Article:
Duncan Tait took the helm at Fujitsu at the height of the economic slowdown and all the upheaval it triggered, but revenues and orders are on the rise again.
Fujitsu is the world’s third biggest IT service provider, after it overtook CSC in Gartner's rankings following a 10% increase in sales in 2011. Only IBM and HP sell more IT services than Fujitsu globally.
In the UK it has maintained its position on the desktop services top table, despite setbacks, and has begun to build a strong cloud business.
It has not all been plain sailing, and Tait has had to oversee some challenges that have seen it make the news for the wrong reasons. Some doubted its ability to recover from a number of major setbacks.
It also had the misfortune of winning a big deal with the Department of Work & Pensions (DWP) from HP, which was cancelled before it did any work on it.
Fujitsu was also publicly criticised by councillors on the Highland Council for alleged failures to deliver parts of a £70m IT outsourcing deal that covered schools as well as the council’s corporate services.
Turning Fujitsu's fortunes around
Under the guidance of Tait, however, it has made steady progress in the UK. Highlights include taking over a desktop outsourcing deal at Centrica, and in the process confirming itself as one of the few suppliers that can provide these highly commoditised services at the right price.
It recently won a megadeal with the Post Office to act as service integrator on its telephone and broadband service. Under the deal, which is worth an estimated £500m over five years, Fujitsu will oversee the entire migration process, both of the network and of the applications. TalkTalk provides the network service, Capita the customer services, and MDS the billing, with Fujitsu managing and completing the integration.
Fujitsu special report
Tait says last year Fujitsu UK registered a 3.6% increase in revenue and a 40% increase in order volume. Tait is positive about the immediate future and says after three years of IT budget lockdown, businesses are beginning to spend more, with the retail and financial services sectors its most active customers.
He has been in his role as Fujitsu UK CEO for about 15 months, during which time he has overseen a rebalancing of its business to move forward with more focus on the private sector and cloud computing.
He says the recent economic turmoil has changed business. Fujitsu is one of the government’s biggest IT suppliers, so when it started to cut costs Fujitsu was at risk of losing significant turnover.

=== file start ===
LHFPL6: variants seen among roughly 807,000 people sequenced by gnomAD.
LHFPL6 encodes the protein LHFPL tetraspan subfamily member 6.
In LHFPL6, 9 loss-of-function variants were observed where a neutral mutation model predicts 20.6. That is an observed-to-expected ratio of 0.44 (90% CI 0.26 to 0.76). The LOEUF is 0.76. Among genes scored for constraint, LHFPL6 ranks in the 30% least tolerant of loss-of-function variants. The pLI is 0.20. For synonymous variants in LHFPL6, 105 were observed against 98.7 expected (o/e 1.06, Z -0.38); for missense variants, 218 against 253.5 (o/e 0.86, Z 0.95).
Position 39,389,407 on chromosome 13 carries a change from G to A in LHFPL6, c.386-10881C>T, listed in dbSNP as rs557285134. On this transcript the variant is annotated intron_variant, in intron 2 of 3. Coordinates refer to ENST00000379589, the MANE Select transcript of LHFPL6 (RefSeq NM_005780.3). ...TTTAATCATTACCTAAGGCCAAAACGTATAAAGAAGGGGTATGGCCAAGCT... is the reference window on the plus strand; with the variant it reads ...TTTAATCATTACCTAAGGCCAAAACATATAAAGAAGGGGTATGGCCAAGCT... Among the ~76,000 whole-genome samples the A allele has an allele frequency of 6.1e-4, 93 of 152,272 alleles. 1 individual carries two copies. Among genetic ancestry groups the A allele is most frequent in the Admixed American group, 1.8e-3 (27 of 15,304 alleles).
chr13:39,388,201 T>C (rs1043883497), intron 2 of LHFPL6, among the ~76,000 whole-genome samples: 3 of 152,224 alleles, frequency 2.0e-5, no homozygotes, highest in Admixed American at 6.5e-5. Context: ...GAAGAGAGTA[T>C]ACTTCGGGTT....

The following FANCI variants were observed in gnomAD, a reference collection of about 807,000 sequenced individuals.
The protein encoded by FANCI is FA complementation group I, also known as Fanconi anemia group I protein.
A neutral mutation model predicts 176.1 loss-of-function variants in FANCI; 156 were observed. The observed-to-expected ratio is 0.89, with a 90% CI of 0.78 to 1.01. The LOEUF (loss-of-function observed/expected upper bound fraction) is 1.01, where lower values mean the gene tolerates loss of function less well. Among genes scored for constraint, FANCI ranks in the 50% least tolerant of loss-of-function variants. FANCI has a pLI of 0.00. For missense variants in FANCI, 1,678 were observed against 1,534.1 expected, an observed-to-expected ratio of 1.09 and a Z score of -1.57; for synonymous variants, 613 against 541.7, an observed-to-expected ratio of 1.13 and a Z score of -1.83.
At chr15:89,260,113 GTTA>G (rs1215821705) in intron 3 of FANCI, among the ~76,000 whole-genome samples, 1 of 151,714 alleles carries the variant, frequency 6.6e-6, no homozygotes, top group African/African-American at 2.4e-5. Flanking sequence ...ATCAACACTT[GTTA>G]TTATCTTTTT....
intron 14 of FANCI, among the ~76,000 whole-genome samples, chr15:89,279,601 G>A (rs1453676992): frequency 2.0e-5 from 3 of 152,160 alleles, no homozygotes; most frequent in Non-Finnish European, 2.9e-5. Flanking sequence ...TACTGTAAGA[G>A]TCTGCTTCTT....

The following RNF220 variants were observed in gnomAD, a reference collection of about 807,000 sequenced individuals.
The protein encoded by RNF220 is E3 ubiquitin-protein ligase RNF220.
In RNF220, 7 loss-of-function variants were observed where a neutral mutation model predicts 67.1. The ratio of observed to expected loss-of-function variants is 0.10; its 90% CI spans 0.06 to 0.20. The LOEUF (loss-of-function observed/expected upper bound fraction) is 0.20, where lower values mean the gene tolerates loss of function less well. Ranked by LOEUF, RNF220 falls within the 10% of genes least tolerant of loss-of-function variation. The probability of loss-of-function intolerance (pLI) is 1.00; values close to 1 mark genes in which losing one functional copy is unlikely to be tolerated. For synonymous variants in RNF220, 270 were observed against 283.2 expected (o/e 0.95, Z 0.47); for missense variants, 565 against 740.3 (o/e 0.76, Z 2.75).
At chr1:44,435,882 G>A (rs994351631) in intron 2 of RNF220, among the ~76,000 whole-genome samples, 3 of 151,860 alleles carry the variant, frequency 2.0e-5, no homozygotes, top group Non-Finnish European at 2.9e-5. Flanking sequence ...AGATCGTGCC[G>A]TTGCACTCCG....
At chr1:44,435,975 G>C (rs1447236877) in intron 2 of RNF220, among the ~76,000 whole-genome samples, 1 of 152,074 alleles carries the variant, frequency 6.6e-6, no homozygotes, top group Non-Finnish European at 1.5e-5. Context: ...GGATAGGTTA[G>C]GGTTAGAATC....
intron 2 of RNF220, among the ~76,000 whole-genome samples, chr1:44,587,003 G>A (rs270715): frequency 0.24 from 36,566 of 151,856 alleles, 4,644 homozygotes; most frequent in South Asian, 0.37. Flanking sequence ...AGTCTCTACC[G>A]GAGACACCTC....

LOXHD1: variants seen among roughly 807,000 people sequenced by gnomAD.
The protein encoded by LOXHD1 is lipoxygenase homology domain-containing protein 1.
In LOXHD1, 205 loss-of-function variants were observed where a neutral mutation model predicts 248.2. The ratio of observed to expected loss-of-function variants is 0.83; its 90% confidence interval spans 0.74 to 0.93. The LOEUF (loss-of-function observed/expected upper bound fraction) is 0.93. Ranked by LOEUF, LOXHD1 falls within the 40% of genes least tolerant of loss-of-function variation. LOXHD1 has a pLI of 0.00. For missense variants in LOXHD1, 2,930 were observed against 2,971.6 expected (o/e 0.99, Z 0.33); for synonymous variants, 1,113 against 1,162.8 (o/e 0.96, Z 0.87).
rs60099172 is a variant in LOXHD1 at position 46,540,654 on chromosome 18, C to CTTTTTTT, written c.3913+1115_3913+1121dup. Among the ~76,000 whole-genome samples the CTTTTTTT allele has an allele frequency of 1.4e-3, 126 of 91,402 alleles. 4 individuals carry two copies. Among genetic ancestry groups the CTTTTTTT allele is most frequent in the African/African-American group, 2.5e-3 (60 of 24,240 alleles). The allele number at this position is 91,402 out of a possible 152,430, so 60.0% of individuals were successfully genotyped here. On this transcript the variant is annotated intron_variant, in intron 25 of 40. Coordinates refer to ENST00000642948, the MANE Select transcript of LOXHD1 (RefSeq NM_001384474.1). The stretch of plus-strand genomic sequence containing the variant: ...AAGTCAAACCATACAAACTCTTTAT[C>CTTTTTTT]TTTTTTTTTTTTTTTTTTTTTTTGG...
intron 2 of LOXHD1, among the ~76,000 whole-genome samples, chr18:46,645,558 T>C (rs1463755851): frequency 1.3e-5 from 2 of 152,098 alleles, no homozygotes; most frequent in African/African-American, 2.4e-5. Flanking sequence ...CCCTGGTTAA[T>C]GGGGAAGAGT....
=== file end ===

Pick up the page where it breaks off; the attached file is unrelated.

The company has moved from having about 70% of its sales in the public sector a few years ago, to having 55% public and 45% private. He says the company aims to further redress this balance. “We are trying to ensure we are going forward with our private sector [business], because in the past we were mainly public sector,” says Tait.
He says Fujitsu is rebalancing through more business in existing private sector clients as well as new customers. All of these deals, says Tait, have a major cloud component.
Rising demand for cloud services
Fujitsu UK now makes 10% of its revenue from cloud services.
For example, in 2011 security company G4S outsourced its IT infrastructure and services to Fujitsu for £32.9m over seven years. Fujitsu's cloud-based infrastructure-as-a-service (IaaS) architecture will deliver applications, with workers migrated to Windows 7 and a virtual Citrix desktop. This will serve 3,500 desktops and laptops, and 10,500 e-mail clients.
Last year also saw home credit provider International Personal Finance (IPF) reduce costs and improve business agility by moving its IT infrastructure into a private cloud built by Fujitsu. Under the £10m three-year contract, Fujitsu will host IPF's applications and data, and charge on a pay-per-use model.
In 2010, Fujitsu announced its cloud strategy with the deployment of a globally standardised cloud platform. The global cloud platform offers customers standardised IT in the cloud across the world.
Tait says now that budgets are unlocked, companies don’t just want services to reduce costs, but also to grow their businesses. A recent study commissioned by Fujitsu revealed that two-thirds of executives don’t believe their business can respond quickly to business changes such as customer demand and new competitive threats. The Fit for Change study revealed that almost 60% believe technology is the barrier to quick change.